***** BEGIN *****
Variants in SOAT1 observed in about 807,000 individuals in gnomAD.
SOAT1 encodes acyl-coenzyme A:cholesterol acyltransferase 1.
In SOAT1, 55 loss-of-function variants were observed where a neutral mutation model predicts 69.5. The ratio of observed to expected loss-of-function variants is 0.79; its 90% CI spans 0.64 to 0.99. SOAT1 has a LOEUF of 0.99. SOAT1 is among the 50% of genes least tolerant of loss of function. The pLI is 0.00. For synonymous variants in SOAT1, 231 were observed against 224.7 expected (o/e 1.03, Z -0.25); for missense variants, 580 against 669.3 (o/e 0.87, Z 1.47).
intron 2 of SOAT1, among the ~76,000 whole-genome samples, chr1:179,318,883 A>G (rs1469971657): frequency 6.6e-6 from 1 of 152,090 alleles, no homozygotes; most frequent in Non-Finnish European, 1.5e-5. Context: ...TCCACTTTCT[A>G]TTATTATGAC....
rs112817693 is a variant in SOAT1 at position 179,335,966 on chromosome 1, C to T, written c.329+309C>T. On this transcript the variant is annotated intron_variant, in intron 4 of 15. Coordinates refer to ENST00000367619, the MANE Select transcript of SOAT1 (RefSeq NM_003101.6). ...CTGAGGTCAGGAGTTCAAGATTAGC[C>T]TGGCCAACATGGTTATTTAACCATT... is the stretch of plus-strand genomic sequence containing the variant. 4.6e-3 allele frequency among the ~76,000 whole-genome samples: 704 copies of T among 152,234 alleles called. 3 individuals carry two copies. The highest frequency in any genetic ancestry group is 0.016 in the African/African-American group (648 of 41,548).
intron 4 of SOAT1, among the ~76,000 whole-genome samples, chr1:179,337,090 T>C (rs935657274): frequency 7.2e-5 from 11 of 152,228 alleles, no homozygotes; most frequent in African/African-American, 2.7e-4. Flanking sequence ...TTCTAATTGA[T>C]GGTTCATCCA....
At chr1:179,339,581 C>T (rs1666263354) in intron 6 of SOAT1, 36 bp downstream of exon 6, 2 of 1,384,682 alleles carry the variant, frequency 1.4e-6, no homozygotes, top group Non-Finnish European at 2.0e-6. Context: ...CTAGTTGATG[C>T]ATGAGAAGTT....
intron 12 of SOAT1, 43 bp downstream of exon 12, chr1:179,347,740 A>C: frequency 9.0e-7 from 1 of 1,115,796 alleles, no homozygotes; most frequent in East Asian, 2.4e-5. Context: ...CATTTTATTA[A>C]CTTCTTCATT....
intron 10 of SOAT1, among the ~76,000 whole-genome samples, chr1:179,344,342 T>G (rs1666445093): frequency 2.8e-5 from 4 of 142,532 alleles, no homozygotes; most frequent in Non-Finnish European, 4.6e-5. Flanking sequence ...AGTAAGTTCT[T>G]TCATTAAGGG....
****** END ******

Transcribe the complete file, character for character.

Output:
Variants in SOAT1 observed in about 807,000 individuals in gnomAD.
SOAT1 encodes acyl-coenzyme A:cholesterol acyltransferase 1.
In SOAT1, 55 loss-of-function variants were observed where a neutral mutation model predicts 69.5. The ratio of observed to expected loss-of-function variants is 0.79; its 90% CI spans 0.64 to 0.99. SOAT1 has a LOEUF of 0.99. SOAT1 is among the 50% of genes least tolerant of loss of function. The pLI is 0.00. For synonymous variants in SOAT1, 231 were observed against 224.7 expected (o/e 1.03, Z -0.25); for missense variants, 580 against 669.3 (o/e 0.87, Z 1.47).
intron 2 of SOAT1, among the ~76,000 whole-genome samples, chr1:179,318,883 A>G (rs1469971657): frequency 6.6e-6 from 1 of 152,090 alleles, no homozygotes; most frequent in Non-Finnish European, 1.5e-5. Context: ...TCCACTTTCT[A>G]TTATTATGAC....
rs112817693 is a variant in SOAT1 at position 179,335,966 on chromosome 1, C to T, written c.329+309C>T. On this transcript the variant is annotated intron_variant, in intron 4 of 15. Coordinates refer to ENST00000367619, the MANE Select transcript of SOAT1 (RefSeq NM_003101.6). ...CTGAGGTCAGGAGTTCAAGATTAGC[C>T]TGGCCAACATGGTTATTTAACCATT... is the stretch of plus-strand genomic sequence containing the variant. 4.6e-3 allele frequency among the ~76,000 whole-genome samples: 704 copies of T among 152,234 alleles called. 3 individuals carry two copies. The highest frequency in any genetic ancestry group is 0.016 in the African/African-American group (648 of 41,548).
intron 4 of SOAT1, among the ~76,000 whole-genome samples, chr1:179,337,090 T>C (rs935657274): frequency 7.2e-5 from 11 of 152,228 alleles, no homozygotes; most frequent in African/African-American, 2.7e-4. Flanking sequence ...TTCTAATTGA[T>C]GGTTCATCCA....
At chr1:179,339,581 C>T (rs1666263354) in intron 6 of SOAT1, 36 bp downstream of exon 6, 2 of 1,384,682 alleles carry the variant, frequency 1.4e-6, no homozygotes, top group Non-Finnish European at 2.0e-6. Context: ...CTAGTTGATG[C>T]ATGAGAAGTT....
intron 12 of SOAT1, 43 bp downstream of exon 12, chr1:179,347,740 A>C: frequency 9.0e-7 from 1 of 1,115,796 alleles, no homozygotes; most frequent in East Asian, 2.4e-5. Context: ...CATTTTATTA[A>C]CTTCTTCATT....
intron 10 of SOAT1, among the ~76,000 whole-genome samples, chr1:179,344,342 T>G (rs1666445093): frequency 2.8e-5 from 4 of 142,532 alleles, no homozygotes; most frequent in Non-Finnish European, 4.6e-5. Flanking sequence ...AGTAAGTTCT[T>G]TCATTAAGGG....